Texas is preparing to receive one million additional first doses of COVID-19 vaccine in the coming week as the state makes all adults eligible for the vaccination beginning Monday.
The Texas Department of State Health Services will allocate 818,410 doses across 779 providers in 202 counties and the federal government is expected to send another 200,000 doses to pharmacy locations and federally qualified health centers.
The health department is also ordering 587,950 second doses for people who are expecting to get their second shot in the coming weeks.
Want to Get on a Vaccine Waitlist?
County health departments have launched waitlists for adults 16 years old and over.
You can register to recieve the vaccination in Collin, Dallas, Denton and Tarrant counties. Links are below:
You do not need to be a resident of the county to register for a COVID-19 vaccine in that county -- registration is open to anyone in Texas. For those without internet access, Tarrant County is also taking registrations by phone at 817-248-6299. In Dallas County, call the DCHHS vaccine hotline at 1-855-IMMUNE9 (1-855-466-8639). In Denton County, call 940-349-2585.
For a more detailed breakdown of who is included in each priority group in Texas, see this page from the Texas DSHS.
Texas vaccination numbers have continued to climb with more than 10 million doses administered, 1.2 million of which were given last week, the health department said.
Of the 10 million, 6.8 million people have gotten their first dose and 3.5 million are fully vaccinated.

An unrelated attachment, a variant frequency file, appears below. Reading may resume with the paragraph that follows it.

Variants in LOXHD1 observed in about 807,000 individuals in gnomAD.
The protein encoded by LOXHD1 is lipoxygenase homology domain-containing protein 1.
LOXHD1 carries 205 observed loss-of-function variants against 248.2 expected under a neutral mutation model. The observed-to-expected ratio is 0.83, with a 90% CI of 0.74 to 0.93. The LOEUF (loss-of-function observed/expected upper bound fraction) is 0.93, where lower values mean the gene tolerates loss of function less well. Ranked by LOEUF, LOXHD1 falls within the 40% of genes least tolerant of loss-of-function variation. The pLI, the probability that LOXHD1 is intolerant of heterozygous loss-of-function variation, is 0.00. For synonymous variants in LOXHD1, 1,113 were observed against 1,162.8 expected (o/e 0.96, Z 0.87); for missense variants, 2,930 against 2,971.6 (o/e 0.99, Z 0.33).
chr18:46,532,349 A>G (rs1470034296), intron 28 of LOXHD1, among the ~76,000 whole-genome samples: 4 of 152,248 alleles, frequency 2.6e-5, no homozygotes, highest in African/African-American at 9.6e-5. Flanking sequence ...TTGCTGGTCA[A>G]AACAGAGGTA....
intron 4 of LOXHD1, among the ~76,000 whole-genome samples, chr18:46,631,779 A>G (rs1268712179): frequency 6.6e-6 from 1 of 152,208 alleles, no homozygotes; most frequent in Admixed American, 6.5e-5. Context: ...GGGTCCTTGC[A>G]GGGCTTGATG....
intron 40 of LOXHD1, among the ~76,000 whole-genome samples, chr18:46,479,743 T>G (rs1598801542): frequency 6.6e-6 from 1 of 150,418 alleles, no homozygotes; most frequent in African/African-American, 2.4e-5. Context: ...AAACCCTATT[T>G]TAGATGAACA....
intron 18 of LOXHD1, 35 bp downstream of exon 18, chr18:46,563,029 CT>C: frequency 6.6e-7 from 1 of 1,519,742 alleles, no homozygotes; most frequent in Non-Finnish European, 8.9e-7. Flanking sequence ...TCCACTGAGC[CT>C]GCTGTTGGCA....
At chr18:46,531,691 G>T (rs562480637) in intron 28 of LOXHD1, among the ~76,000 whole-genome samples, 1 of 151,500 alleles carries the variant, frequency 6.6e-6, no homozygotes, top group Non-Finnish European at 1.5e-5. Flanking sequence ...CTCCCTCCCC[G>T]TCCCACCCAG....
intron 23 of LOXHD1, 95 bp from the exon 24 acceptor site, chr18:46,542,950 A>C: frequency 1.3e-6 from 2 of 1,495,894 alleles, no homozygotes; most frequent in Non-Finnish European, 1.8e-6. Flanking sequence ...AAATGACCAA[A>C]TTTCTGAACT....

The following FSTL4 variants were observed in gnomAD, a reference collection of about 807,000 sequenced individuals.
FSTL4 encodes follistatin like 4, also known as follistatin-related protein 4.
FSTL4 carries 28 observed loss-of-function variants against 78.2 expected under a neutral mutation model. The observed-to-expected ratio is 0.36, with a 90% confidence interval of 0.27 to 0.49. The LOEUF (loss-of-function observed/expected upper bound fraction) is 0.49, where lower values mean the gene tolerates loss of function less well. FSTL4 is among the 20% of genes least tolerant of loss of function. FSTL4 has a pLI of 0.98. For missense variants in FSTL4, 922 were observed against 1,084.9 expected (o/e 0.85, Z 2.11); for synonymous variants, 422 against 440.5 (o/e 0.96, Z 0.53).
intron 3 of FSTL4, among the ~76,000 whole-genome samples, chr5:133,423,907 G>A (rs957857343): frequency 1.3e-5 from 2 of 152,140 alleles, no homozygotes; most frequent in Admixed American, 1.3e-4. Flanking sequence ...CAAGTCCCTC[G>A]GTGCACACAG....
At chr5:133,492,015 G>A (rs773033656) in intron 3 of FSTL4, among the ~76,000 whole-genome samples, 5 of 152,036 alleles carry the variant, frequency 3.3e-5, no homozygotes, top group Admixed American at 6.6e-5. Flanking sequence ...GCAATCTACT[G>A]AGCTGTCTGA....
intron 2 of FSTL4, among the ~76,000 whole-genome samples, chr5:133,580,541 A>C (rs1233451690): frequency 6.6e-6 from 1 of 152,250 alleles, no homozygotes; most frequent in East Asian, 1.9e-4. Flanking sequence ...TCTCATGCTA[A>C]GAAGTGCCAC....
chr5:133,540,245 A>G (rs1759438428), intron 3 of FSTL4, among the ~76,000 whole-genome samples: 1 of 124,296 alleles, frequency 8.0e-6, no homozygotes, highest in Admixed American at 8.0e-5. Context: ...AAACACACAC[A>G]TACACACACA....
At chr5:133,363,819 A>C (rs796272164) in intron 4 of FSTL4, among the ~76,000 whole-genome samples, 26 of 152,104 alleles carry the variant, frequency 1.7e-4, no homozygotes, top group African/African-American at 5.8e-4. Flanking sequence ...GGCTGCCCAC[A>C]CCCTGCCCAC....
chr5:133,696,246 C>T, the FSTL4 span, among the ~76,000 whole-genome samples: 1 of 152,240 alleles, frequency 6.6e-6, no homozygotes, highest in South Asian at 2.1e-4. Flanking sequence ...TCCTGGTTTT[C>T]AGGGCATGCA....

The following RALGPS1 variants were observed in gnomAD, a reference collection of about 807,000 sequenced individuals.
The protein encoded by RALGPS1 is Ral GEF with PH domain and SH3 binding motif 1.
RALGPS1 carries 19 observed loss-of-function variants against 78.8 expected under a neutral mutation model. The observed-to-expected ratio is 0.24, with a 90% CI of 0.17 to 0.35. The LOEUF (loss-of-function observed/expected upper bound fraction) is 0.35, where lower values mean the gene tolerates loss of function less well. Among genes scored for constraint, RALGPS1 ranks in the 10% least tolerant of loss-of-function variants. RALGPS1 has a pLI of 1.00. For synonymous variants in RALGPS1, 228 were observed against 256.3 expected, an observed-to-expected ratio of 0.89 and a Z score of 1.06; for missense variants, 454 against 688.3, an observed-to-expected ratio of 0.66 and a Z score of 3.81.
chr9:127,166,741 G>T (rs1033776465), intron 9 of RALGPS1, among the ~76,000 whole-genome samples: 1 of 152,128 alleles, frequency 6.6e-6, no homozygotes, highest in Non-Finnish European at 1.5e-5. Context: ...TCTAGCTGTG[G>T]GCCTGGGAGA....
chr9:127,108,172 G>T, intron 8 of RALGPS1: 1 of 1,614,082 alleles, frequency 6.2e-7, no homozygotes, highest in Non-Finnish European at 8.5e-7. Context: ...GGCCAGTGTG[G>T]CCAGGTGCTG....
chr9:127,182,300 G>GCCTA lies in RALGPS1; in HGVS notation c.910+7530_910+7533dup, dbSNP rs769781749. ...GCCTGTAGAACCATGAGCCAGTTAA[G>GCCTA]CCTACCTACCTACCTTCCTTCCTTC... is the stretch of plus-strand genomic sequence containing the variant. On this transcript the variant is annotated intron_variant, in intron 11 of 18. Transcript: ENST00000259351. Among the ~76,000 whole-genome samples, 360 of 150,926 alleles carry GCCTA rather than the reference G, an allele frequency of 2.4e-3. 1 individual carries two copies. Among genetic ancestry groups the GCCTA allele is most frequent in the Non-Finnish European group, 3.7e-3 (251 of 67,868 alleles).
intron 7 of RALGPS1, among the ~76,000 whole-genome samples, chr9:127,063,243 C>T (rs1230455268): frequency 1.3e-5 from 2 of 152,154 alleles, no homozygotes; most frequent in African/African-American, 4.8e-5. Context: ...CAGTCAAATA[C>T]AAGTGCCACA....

Among Texas seniors, six in 10 have received the first dose and four in 10are fully vaccinated.
According to the health department, 30% of Texas residents have now received at least one dose.
For more information about vaccinations in Texas, visit the Department of State Health website.
In Texas, the COVID-19 vaccines are currently is currently available to anyone over the age of 16, regardless of in which phase they had previously been grouped. President Biden said on April 6 the vaccine should be available to all Americans, in all states, by April 19.
The vaccines are still not approved for children however -- those trials are ongoing.
Once vaccinated, people who received either the Moderna or Pfizer vaccines are expected to get some level of protection within a couple of weeks after the first shot, but full protection may not happen until a couple of weeks after the second shot. For those who receive the Johnson & Johnson vaccine -- there is only one shot needed. Even when fully vaccinated, it's still possible to become infected by the virus since none of the vaccines offer 100% protection from infection. With that in mind, even if you've been vaccinated it's still a good idea to wear a mask and keep some separation between strangers or those whose vaccination status is unclear.
Waitlists for vaccinations have been established in Dallas, Denton, Collin and Tarrant counties -- links to sign up are here and below.